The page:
The new Frost Science has four buildings built on four acres located on a beautiful piece of waterfront. Each of the buildings has a separate purpose, and all are connected through the Innovation Center, which will bring together the different aspects of the sciences help show the relation between basic research and technological innovation. "The new Frost Science will be the first and only science museum to place an Innovation Center at its architectural and intellectual core," notes Quiñones with pride.

The permanent exhibits include a wide variety of opportunities to engage with the natural world and contemplate the revelations science has brought. These extend from a glorious aquarium to a spectacular new planetarium to a delightful aviary.

Feathers to the Starts lets visitors of all ages wonder at the miracle of flight, and investigate the structures that nature and science-based technology have used to allow flight. "Frost Science tell that story first by putting guests face-to-face with a 30-foot dinosaur chasing smaller feathered lizards, then by touring through different milestones in flight, from evolution in nature's dragonflies, bats to eagles, to the innovation and aerodynamic brilliance of human design," says Quiñones. Visitors can don "wing-sleeves" while testing lift in an air tunnel, among many other hands-on exhibits.

The MeLab gives visitors an opportunity to take a deeper look into how their own bodies work. From neuroscience to metabolism to biochemistry and health, visitors are given an extraordinary new lens into the science of themselves. "Themed zones (Eat, Learn, Exercise, Relax and Connect)," explains Quiñones, "allow guests to experiment with what-if scenarios and investigate the latest research on how their everyday choices affect their health and happiness."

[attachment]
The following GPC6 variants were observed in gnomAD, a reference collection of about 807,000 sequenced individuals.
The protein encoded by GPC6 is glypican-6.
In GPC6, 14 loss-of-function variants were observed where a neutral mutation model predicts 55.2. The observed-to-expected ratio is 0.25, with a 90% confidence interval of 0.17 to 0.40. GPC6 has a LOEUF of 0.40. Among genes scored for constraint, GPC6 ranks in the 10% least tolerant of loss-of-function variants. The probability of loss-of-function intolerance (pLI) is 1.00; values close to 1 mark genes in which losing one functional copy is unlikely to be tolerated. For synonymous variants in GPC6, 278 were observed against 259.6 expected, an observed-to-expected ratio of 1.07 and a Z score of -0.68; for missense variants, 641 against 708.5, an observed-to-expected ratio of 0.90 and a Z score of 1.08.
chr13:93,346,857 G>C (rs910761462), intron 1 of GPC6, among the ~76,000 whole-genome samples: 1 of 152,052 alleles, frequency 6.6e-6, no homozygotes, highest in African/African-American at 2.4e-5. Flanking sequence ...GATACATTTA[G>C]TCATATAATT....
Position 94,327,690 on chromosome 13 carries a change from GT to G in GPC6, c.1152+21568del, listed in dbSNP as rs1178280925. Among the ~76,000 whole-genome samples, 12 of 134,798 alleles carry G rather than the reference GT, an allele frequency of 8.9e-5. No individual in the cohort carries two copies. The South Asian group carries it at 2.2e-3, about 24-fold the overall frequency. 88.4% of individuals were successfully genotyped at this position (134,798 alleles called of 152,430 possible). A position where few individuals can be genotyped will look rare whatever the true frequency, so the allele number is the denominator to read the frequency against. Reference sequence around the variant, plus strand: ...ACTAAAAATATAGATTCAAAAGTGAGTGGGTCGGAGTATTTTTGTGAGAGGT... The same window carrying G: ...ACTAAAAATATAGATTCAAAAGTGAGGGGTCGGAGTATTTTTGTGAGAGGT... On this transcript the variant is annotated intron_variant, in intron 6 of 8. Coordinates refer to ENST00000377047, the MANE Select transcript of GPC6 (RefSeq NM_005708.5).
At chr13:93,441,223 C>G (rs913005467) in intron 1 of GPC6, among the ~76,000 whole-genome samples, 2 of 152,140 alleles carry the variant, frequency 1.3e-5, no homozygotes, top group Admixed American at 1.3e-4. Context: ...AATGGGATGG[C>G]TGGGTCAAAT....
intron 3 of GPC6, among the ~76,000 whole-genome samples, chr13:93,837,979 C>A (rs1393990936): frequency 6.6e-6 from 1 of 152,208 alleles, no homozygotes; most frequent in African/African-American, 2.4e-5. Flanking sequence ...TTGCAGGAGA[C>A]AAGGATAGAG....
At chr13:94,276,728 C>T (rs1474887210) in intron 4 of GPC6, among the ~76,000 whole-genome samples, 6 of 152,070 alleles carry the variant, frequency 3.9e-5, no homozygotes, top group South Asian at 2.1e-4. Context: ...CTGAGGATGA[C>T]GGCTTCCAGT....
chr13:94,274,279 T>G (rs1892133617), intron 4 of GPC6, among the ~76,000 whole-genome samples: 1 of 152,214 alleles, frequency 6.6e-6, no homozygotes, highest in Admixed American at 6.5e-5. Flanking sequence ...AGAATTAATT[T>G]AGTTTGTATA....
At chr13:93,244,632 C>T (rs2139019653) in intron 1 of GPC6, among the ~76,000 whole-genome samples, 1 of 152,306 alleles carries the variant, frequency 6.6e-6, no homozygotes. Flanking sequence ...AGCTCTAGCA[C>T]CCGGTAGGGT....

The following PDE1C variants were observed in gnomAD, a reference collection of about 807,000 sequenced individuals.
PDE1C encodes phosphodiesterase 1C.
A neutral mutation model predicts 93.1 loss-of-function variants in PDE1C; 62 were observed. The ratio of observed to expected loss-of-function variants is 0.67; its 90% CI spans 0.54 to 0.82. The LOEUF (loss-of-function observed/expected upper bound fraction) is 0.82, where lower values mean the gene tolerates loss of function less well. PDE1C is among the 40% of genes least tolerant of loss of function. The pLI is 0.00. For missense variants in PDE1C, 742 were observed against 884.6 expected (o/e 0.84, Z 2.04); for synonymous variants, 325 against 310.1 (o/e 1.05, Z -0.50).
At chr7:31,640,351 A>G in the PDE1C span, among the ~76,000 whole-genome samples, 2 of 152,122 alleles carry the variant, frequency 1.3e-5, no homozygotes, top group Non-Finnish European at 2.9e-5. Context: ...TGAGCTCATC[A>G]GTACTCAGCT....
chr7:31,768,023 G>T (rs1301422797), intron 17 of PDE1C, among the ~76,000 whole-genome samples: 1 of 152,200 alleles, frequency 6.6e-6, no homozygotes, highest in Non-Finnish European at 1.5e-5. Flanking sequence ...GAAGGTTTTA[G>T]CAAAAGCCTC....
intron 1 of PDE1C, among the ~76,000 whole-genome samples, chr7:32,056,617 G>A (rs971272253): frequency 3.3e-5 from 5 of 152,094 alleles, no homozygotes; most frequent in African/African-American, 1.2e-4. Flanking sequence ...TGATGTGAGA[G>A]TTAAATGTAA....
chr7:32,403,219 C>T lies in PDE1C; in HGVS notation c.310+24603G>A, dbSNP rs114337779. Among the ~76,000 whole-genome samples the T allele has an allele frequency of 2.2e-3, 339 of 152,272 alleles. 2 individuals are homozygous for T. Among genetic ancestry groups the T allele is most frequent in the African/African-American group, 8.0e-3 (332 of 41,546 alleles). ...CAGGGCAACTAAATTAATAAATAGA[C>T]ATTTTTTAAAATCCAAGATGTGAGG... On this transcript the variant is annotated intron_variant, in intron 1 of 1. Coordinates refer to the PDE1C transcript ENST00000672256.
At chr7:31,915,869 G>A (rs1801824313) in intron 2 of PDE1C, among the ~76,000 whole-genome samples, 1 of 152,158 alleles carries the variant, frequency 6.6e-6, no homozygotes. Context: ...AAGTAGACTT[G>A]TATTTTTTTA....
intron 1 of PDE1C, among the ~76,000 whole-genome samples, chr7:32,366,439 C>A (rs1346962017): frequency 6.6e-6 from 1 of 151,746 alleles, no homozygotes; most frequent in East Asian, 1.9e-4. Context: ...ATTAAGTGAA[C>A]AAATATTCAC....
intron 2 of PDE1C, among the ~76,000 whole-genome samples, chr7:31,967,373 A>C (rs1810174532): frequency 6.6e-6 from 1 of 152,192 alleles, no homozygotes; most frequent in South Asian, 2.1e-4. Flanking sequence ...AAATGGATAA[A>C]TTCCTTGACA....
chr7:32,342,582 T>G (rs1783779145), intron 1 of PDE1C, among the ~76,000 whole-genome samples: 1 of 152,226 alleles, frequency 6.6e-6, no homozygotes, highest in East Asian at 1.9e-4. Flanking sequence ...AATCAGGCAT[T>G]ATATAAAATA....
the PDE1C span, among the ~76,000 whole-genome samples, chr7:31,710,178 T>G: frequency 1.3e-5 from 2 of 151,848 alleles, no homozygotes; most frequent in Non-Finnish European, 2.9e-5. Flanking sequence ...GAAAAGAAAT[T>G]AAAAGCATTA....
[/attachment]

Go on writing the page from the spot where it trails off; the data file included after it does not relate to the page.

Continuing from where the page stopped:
The Aquarium: Living Core is one of the most exciting draws of the new museum. "A three-level architectural masterpiece containing a matrix of aquariums, the Living Core acts as a core sample, carrying guests from the surface down into the depths of five of Florida's crucial and interconnected aquatic ecosystems, and sparking themes that run throughout the museum," says Quiñones. Visitors will simultaneously gain a deeper understanding of the freshwater and salt-water ecosystems, as well as the chemistry of these places and many living creatures that together make them what they are.

Another exhibit, River of Grass, focuses on the Everglades, an ecosystem central to Florida. Created for children ages three to six, the exhibit takes kids and their caregivers on a tour through the delicate world of Everglade life. Beginning in a maze of water tables, children encounter friendly animal characters, opportunities for experimentation, and even a chance to wade through a pool to look for the panthers, herons, and other everglade species. "As virtual night falls in the space, a chorus of funky animal sounds rises, revealing the ecological richness hidden in the river of grass," says Quiñones.